Strange to relate, nowhere in any of Lenin’s writings and speeches in the period from April 1917 till his death (they take up twenty-three of the fifty-five volumes of the new full Russian edition) has it been possible to find so much as a hint that Lenin was aware of his “conversion” to Trotsky’s view of “permanent revolution” – and Lenin was never afraid of admitting past mistakes. On the other hand, we do find Trotsky on more than one occasion admitting the converse. Thus the 1927 Platform of the Left Opposition, republished in Britain by the SLL’s publishing house who advertise it as, a “landmark in the development of 20th Century Marxism”, reproduces the declaration of Trotsky and his associates to the Communist International on 15th December, 1926: “Trotsky has stated to the International that in all those questions of principle upon which he disputed with Lenin, Lenin was right and particularly upon the question of permanent revolution and the peasantry.” In a letter to the old “Left Oppositionist” Preobrazhensky, who did not accept his theory, Trotsky admitted: “Up to February, 1917, the slogan of the dictatorship of the proletariat and peasantry was historically progressive.” And even in his Lessons of October he wrote that with his formula of the democratic dictatorship of the proletariat and the peasantry Lenin had been attacking the question of an advance towards the socialist dictatorship of the proletariat, supported by the peasants, in a “forcible and thoroughly revolutionary way” – in complete contradiction to his 1909 statement that “the anti-revolutionary features of Bolshevism threaten to become a great danger … in the event the victory of the revolution.”
However, we are tempted to conclude that there was an element of “diplomacy” in such statements, which are flatly contradicted by many others, such as the approving prefaces, written after the revolution to pre-revolutionary works, where his theory is re-stated, and most notably by his book, The Permanent Revolution. The latter, written in 1928 in reply to criticism of his theory by Radek, another of his supporters at that time, attempts to provide a full length vindication of his position as against Lenin’s, and on occasion, to argue that the difference between the two “had a secondary and subordinate significance.”
The significance of this question is not confined to a historical assessment of Trotsky’s role in the Russian labour movement up to 1917. We have devoted so much attention to it because his theory of “permanent revolution” developed at that time was, as we shall see, to determine all major Trotskyist policies in the future whether it be in relation to the building of socialism in the Soviet Union, the whole question of allies for the labour movement involved in the strategy of the Popular Front and the resistance movements against Fascism, or the “general trend of revolutionary development in all backward countries” which, according to the Transitional Programme of the Fourth International drafted by Trotsky in 1938, “can be determined by the formula of the permanent revolution in the sense definitely imparted to it by the three revolutions in Russia.” However, although this theory, on which there had been no agreement among Trotsky’s supporters in Russia, had now ossified into a basic programmatic commitment for all Trotskyist groups at the 1958 Fifth World Congress of the Fourth International, the Report on the Colonial Revolution was to reveal that “some comrades have wondered whether the theory of the permanent revolution … did not reveal certain lacunae, whether it might not be necessary to render it more flexible, and whether there might not have been some errors committed on this subject.”
Trotsky in the October Revolution
Arriving back in Russia in March 1917, Trotsky first joined a left-wing group called the Mazhrayontsi with whom, in July, he entered the Bolshevik Party. The next month he was elected as a member of the Party’s Central Committee and in September as the President of the Petrograd Soviet in which the Bolsheviks had won a majority. In this period he played an enormously positive role as the Party’s spokesman in the Soviets and at mass meetings of workers, soldiers and sailors who were inspired and electrified by his revolutionary oratory. In the floodtide of revolution he rose to his fullest stature, placing his outstanding talents at the service of the Bolshevik Party and transcending for the moment the differences of former years. His role at this time was dramatically conveyed at first hand by John Reed in his epic Ten Days That Shook The World, which Lenin hailed in his introduction as a “truthful and most vivid exposition”. A fitting tribute to Trotsky’s role was given by Joseph Stalin in Pravda on 6th November 1918. “All practical work in connection with the organisation of the uprising,” he wrote, “was done under the immediate direction of Comrade Trotsky, the President of the Petrograd Soviet. It can be stated with certainty that the Party is indebted primarily and principally to Comrade Trotsky for the rapid going over of the garrison to the side of the Soviet and the efficient manner in which the work of the Military-Revolutionary Committee was organised.”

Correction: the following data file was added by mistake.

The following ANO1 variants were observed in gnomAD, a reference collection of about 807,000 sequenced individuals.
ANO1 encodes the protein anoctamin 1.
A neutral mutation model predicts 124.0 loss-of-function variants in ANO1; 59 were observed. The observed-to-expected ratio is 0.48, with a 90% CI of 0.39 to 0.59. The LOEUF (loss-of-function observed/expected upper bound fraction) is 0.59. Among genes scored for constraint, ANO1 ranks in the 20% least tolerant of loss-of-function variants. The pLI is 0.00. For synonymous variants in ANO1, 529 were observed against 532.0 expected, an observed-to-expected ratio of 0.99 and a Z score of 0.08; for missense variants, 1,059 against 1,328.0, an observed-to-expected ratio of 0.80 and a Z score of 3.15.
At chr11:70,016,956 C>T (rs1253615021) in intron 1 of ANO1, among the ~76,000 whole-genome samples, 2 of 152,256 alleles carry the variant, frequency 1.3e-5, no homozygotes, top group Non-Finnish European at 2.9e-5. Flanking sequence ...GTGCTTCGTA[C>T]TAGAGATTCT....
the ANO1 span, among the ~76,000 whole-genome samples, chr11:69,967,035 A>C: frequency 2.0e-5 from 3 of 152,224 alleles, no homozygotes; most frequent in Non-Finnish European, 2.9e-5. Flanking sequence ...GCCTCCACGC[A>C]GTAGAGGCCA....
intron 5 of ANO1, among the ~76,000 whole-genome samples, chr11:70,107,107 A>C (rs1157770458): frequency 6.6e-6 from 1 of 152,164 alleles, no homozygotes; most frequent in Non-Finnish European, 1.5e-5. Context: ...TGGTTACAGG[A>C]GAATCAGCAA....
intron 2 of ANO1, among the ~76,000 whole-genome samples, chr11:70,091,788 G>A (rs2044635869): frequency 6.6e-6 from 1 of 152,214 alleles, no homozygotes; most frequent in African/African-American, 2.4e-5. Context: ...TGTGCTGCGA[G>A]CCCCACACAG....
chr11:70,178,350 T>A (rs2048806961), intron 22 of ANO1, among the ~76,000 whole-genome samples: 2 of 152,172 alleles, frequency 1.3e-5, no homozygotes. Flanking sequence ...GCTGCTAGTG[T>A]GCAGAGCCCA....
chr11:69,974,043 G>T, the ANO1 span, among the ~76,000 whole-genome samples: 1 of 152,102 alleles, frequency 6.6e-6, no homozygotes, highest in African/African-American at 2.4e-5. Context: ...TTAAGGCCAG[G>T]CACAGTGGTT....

In the years immediately following the victory of the Revolution Trotsky was to play a very active role in the leadership of the Soviet State and of the Russian Communist Party, as well as of the Third (Communist) International founded in 1919. As People’s Commissar of War from 1918-1925 he played a key role in building up from out of the ruins of the old tsarist army the heroic Red Army which, with five million men under arms, was to win the civil war against the White Guard generals and to drive out the invading armies of fourteen hostile capitalist countries. The story is stirringly told, bringing out both Trotsky’s mistakes (sometimes serious) and his achievements (which must outweigh them) by Isaac Deutscher in the chapter “Arming the Republic” in The Prophet Armed. Speaking of Trotsky to the great Russian writer Maxim Gorky, Lenin was to express his admiration: “Show me another man,” he said, thumping the table, “capable of organising in a year an almost exemplary army and moreover of winning the esteem of the military specialists.” Yet with all this, Lenin was still to view Trotsky with some reserve. “He isn’t one of us,” he told Gorky. “With us, but not of us. He is ambitious. There is something of Lassalle in him, something which isn’t good.”